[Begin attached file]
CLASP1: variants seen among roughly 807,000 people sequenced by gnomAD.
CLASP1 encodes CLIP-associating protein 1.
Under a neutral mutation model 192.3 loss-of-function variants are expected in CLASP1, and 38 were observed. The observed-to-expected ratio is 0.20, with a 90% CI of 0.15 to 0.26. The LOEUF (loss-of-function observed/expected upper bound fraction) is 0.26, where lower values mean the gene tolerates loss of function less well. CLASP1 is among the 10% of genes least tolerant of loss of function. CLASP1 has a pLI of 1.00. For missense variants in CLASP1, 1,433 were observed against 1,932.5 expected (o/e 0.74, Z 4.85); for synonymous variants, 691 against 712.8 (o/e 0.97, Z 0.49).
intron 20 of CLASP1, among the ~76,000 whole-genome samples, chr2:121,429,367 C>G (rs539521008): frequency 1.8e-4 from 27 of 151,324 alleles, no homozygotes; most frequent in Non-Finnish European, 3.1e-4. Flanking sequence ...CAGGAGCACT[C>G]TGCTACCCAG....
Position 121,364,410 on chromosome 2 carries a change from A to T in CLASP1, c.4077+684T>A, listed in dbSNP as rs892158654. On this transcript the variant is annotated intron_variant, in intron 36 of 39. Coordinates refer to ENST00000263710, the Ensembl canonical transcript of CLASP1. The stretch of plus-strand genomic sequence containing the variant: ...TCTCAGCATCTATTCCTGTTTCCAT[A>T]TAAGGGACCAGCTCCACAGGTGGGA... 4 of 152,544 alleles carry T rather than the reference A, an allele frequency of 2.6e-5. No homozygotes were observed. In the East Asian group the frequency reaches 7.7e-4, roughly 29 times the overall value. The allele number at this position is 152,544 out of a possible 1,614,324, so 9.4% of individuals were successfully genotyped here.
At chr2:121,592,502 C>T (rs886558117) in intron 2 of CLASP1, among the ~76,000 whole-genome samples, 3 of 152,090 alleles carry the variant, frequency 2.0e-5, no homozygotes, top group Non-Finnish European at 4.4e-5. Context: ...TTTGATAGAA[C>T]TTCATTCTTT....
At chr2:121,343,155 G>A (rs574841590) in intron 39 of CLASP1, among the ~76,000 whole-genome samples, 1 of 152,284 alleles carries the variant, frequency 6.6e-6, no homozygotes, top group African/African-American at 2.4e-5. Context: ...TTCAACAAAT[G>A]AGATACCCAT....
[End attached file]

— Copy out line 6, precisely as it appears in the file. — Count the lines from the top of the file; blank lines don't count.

At chr2:121,592,502 C>T (rs886558117) in intron 2 of CLASP1, among the ~76,000 whole-genome samples, 3 of 152,090 alleles carry the variant, frequency 2.0e-5, no homozygotes, top group Non-Finnish European at 4.4e-5. Context: ...TTTGATAGAA[C>T]TTCATTCTTT....